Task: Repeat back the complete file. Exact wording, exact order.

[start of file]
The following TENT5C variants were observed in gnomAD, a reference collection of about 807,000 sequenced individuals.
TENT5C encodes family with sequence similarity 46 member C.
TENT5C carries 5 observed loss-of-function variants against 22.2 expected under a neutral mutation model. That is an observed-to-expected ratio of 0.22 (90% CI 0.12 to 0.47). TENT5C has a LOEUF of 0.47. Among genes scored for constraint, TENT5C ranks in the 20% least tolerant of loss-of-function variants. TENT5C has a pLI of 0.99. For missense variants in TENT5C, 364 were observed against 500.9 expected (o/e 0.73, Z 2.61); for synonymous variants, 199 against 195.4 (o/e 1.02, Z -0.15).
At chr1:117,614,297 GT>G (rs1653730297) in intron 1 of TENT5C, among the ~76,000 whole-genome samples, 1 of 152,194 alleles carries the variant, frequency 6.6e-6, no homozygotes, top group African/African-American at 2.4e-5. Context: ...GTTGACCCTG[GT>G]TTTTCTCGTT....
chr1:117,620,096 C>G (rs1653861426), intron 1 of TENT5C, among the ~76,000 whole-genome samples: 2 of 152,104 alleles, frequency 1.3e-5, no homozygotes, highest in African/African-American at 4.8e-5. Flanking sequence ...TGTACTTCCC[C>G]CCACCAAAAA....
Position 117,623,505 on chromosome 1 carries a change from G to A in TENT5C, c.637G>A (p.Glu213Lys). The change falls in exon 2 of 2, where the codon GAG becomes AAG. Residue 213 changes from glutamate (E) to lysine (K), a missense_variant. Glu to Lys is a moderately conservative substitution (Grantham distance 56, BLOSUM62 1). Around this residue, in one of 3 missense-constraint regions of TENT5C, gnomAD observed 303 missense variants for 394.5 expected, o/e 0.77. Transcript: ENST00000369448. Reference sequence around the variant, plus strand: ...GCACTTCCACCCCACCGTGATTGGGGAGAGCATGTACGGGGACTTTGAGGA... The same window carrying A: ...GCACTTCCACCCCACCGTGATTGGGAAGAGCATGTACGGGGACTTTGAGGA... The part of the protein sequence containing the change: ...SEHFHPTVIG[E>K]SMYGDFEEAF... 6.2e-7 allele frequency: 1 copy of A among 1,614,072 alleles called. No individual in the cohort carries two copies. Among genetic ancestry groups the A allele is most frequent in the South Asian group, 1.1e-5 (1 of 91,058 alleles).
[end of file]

The following TENT5C variants were observed in gnomAD, a reference collection of about 807,000 sequenced individuals.
TENT5C encodes family with sequence similarity 46 member C.
TENT5C carries 5 observed loss-of-function variants against 22.2 expected under a neutral mutation model. That is an observed-to-expected ratio of 0.22 (90% CI 0.12 to 0.47). TENT5C has a LOEUF of 0.47. Among genes scored for constraint, TENT5C ranks in the 20% least tolerant of loss-of-function variants. TENT5C has a pLI of 0.99. For missense variants in TENT5C, 364 were observed against 500.9 expected (o/e 0.73, Z 2.61); for synonymous variants, 199 against 195.4 (o/e 1.02, Z -0.15).
At chr1:117,614,297 GT>G (rs1653730297) in intron 1 of TENT5C, among the ~76,000 whole-genome samples, 1 of 152,194 alleles carries the variant, frequency 6.6e-6, no homozygotes, top group African/African-American at 2.4e-5. Context: ...GTTGACCCTG[GT>G]TTTTCTCGTT....
chr1:117,620,096 C>G (rs1653861426), intron 1 of TENT5C, among the ~76,000 whole-genome samples: 2 of 152,104 alleles, frequency 1.3e-5, no homozygotes, highest in African/African-American at 4.8e-5. Flanking sequence ...TGTACTTCCC[C>G]CCACCAAAAA....
Position 117,623,505 on chromosome 1 carries a change from G to A in TENT5C, c.637G>A (p.Glu213Lys). The change falls in exon 2 of 2, where the codon GAG becomes AAG. Residue 213 changes from glutamate (E) to lysine (K), a missense_variant. Glu to Lys is a moderately conservative substitution (Grantham distance 56, BLOSUM62 1). Around this residue, in one of 3 missense-constraint regions of TENT5C, gnomAD observed 303 missense variants for 394.5 expected, o/e 0.77. Transcript: ENST00000369448. Reference sequence around the variant, plus strand: ...GCACTTCCACCCCACCGTGATTGGGGAGAGCATGTACGGGGACTTTGAGGA... The same window carrying A: ...GCACTTCCACCCCACCGTGATTGGGAAGAGCATGTACGGGGACTTTGAGGA... The part of the protein sequence containing the change: ...SEHFHPTVIG[E>K]SMYGDFEEAF... 6.2e-7 allele frequency: 1 copy of A among 1,614,072 alleles called. No individual in the cohort carries two copies. Among genetic ancestry groups the A allele is most frequent in the South Asian group, 1.1e-5 (1 of 91,058 alleles).